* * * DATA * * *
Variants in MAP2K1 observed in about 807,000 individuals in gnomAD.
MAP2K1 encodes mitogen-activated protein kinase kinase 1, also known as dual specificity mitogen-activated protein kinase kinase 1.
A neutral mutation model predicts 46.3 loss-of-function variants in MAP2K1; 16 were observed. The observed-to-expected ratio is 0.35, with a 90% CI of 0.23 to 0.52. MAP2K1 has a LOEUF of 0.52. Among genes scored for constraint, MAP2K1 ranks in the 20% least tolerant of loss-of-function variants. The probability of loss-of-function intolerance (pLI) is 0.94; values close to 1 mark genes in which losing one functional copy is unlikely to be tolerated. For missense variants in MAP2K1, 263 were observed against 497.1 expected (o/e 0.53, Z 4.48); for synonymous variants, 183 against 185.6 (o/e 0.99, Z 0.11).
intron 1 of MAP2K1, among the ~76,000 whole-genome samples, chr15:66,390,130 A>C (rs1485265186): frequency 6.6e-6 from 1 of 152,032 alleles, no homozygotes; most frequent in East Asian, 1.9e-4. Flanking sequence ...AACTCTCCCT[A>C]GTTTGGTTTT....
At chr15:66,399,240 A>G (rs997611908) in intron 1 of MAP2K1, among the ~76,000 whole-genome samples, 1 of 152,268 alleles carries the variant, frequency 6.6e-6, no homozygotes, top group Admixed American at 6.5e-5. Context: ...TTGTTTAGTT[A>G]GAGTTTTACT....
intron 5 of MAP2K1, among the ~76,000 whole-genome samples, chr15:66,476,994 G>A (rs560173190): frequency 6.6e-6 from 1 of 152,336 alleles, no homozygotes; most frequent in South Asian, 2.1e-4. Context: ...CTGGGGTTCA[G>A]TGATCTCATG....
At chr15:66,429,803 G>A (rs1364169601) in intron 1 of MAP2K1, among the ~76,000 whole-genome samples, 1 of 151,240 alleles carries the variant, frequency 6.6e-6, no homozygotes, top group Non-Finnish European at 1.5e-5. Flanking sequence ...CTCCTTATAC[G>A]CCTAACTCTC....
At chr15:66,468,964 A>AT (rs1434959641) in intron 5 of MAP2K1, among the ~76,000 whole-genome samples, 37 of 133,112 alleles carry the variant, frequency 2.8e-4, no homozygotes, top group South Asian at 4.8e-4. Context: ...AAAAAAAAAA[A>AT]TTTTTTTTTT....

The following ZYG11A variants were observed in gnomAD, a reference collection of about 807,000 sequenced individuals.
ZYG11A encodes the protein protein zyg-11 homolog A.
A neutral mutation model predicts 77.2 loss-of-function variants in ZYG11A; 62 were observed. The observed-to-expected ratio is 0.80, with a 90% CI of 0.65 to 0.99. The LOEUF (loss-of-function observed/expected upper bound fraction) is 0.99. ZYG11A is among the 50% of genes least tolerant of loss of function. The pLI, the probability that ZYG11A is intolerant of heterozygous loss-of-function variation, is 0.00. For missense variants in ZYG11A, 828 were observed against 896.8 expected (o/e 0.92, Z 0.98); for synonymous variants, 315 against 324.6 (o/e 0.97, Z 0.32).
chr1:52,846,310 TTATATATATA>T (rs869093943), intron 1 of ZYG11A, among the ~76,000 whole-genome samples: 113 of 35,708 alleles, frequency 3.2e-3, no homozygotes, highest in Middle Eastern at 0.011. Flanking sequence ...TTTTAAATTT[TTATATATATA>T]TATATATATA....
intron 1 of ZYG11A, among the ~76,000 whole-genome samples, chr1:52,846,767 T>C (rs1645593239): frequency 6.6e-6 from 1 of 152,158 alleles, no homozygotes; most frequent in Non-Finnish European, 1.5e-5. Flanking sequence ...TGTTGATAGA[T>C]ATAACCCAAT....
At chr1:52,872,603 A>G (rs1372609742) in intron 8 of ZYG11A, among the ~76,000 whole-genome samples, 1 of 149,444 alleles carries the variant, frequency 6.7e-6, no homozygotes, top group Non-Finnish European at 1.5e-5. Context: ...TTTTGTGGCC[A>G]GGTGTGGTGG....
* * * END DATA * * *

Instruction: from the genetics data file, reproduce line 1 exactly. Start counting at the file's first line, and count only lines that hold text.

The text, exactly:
Variants in MAP2K1 observed in about 807,000 individuals in gnomAD.